Get Cookin'

Are you sick of cooking the same meals every week? We had the pleasure of stealing away a few minutes with Harlan Publick’s owner and executive chef Stephen Lewandowski to discuss some easy tips and tricks home chefs can do to heat up the kitchen.

But before we get into the meat of the topic, let me introduce you to Chef Lewandowski. After working as executive chef at Tribeca Grill in New York for over 10 years, Lewandowski opened his first restaurant, Harlan Social, located in Stamford in 2012. Two years later, the experienced chef opened Harlan Publick, which features high quality, creative comfort food and a wide offering of beverages, in the heart of South Norwalk.

Now to the part you’ve been waiting for. Whether you're a ninja in the kitchen or you’re just starting out, these tips can help you spend less time slaving over a stove and more time enjoying your meals. Channel your inner chef with these tips from executive chef Stephen Lewandowski:

  1. Don’t forget to season: “One mistake I always notice with home cooks is they never season enough. They are always afraid to season with salt and pepper,” said Lewandowski. Expert chefs agree that you must season to taste. To ensure your dish isn’t too salty start by adding about half of the salt you think a dish will need or half a teaspoon at a time.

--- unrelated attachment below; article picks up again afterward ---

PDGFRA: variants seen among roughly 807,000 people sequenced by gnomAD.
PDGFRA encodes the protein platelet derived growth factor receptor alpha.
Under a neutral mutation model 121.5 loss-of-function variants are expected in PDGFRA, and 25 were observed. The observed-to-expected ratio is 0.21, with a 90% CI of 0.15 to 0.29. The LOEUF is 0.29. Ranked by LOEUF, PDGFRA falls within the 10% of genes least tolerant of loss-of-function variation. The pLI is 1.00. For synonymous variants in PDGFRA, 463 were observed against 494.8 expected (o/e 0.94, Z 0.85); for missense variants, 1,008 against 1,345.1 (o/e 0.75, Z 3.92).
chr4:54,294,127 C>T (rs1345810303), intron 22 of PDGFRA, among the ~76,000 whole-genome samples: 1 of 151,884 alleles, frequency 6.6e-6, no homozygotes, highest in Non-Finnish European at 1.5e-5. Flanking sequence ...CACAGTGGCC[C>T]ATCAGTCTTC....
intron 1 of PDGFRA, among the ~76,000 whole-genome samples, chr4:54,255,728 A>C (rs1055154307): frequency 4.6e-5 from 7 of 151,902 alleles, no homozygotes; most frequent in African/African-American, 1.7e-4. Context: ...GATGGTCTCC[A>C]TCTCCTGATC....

2. Let your pan heat up: “When sautéing something home cooks make the mistake of not let the pan get hot enough before they put the item they are cooking into it, which ends up making that item absorb all the fat in the pan and it doesn’t develop flavor from the sear,” said Lewandowski. Before sautéing be sure to warm the pan over medium-high heat for a few minutes.
  3. Start with great product: Lewandowski prides himself on providing the freshest local ingredients available in his restaurants. When cooking at home, try using locally grown foods, as crops are picked at their peak of ripeness versus being harvested early, making them full of flavor and nutrients.
  4. Be prepared: “Lay out the plan before you start to cook. A lot of times you start to cook and then realize you forgot something or you’re missing a pan. So what you start cooking first tends to be put on hold while you deal with what is missing, which makes that product inferior because it has been left waiting,” warns Lewandowski.
  5. Get organized: If you’re cooking for a large group with multiple items being served, Lewandowski suggests laying out your serving vessels and labeling them. “This will make everything move faster and it also allows you to spend more time with your guests because you are organized.”

Looking for more expert tips from local chefs? Below is a list of cooking classes in your area.

  • Culinary Works: 189 Elm Street New Canaan, CT 06840 p: 203-966-2528
  • BL Kitchen @ Elm Restaurant: 73 Elm Street, New Canaan, CT  06840  p: 203.920.4994
  • Aux Délices: 25 Old King's Highway North Goodwives Shopping Center Darien, CT p: 203.662.1136
  • Rhubarb Kitchen: 262 Noroton Ave, Darien, CT 06820 p: (917) 817-8937
  • Wave Hill Breads: 30 High St, Norwalk, CT 06851 p: (203) 762-9595
  • Sugar and Olives: 21 1/2 Lois St, Norwalk, CT 06851 p: (203) 454-3663

 

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